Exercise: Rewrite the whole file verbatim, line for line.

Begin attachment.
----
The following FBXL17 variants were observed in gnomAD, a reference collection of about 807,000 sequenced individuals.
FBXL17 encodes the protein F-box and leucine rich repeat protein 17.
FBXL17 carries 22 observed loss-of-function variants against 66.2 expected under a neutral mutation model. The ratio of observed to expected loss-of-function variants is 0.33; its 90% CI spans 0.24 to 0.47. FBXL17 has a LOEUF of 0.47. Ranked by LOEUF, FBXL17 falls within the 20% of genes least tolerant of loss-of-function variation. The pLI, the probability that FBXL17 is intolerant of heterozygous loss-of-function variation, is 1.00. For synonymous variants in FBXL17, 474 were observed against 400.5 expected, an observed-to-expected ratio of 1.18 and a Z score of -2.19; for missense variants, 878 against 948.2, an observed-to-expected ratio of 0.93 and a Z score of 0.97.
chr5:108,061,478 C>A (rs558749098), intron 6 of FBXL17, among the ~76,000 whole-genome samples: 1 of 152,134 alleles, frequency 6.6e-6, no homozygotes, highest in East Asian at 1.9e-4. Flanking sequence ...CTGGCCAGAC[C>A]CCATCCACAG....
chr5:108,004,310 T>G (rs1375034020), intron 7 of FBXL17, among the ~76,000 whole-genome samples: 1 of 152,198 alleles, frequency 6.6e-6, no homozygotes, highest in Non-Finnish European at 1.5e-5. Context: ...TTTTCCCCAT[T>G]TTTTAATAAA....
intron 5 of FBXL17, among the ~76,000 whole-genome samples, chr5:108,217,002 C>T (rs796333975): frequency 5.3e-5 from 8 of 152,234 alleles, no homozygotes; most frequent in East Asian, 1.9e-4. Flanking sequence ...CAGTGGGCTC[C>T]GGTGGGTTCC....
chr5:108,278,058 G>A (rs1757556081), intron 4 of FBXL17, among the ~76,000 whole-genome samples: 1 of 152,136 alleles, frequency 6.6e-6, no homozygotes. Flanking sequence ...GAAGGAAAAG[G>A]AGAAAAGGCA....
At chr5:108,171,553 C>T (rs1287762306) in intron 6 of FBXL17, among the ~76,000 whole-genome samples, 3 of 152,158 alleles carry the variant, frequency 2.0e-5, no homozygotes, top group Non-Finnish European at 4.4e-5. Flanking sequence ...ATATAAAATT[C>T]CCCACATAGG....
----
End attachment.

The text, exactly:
The following FBXL17 variants were observed in gnomAD, a reference collection of about 807,000 sequenced individuals.
FBXL17 encodes the protein F-box and leucine rich repeat protein 17.
FBXL17 carries 22 observed loss-of-function variants against 66.2 expected under a neutral mutation model. The ratio of observed to expected loss-of-function variants is 0.33; its 90% CI spans 0.24 to 0.47. FBXL17 has a LOEUF of 0.47. Ranked by LOEUF, FBXL17 falls within the 20% of genes least tolerant of loss-of-function variation. The pLI, the probability that FBXL17 is intolerant of heterozygous loss-of-function variation, is 1.00. For synonymous variants in FBXL17, 474 were observed against 400.5 expected, an observed-to-expected ratio of 1.18 and a Z score of -2.19; for missense variants, 878 against 948.2, an observed-to-expected ratio of 0.93 and a Z score of 0.97.
chr5:108,061,478 C>A (rs558749098), intron 6 of FBXL17, among the ~76,000 whole-genome samples: 1 of 152,134 alleles, frequency 6.6e-6, no homozygotes, highest in East Asian at 1.9e-4. Flanking sequence ...CTGGCCAGAC[C>A]CCATCCACAG....
chr5:108,004,310 T>G (rs1375034020), intron 7 of FBXL17, among the ~76,000 whole-genome samples: 1 of 152,198 alleles, frequency 6.6e-6, no homozygotes, highest in Non-Finnish European at 1.5e-5. Context: ...TTTTCCCCAT[T>G]TTTTAATAAA....
intron 5 of FBXL17, among the ~76,000 whole-genome samples, chr5:108,217,002 C>T (rs796333975): frequency 5.3e-5 from 8 of 152,234 alleles, no homozygotes; most frequent in East Asian, 1.9e-4. Flanking sequence ...CAGTGGGCTC[C>T]GGTGGGTTCC....
chr5:108,278,058 G>A (rs1757556081), intron 4 of FBXL17, among the ~76,000 whole-genome samples: 1 of 152,136 alleles, frequency 6.6e-6, no homozygotes. Flanking sequence ...GAAGGAAAAG[G>A]AGAAAAGGCA....
At chr5:108,171,553 C>T (rs1287762306) in intron 6 of FBXL17, among the ~76,000 whole-genome samples, 3 of 152,158 alleles carry the variant, frequency 2.0e-5, no homozygotes, top group Non-Finnish European at 4.4e-5. Flanking sequence ...ATATAAAATT[C>T]CCCACATAGG....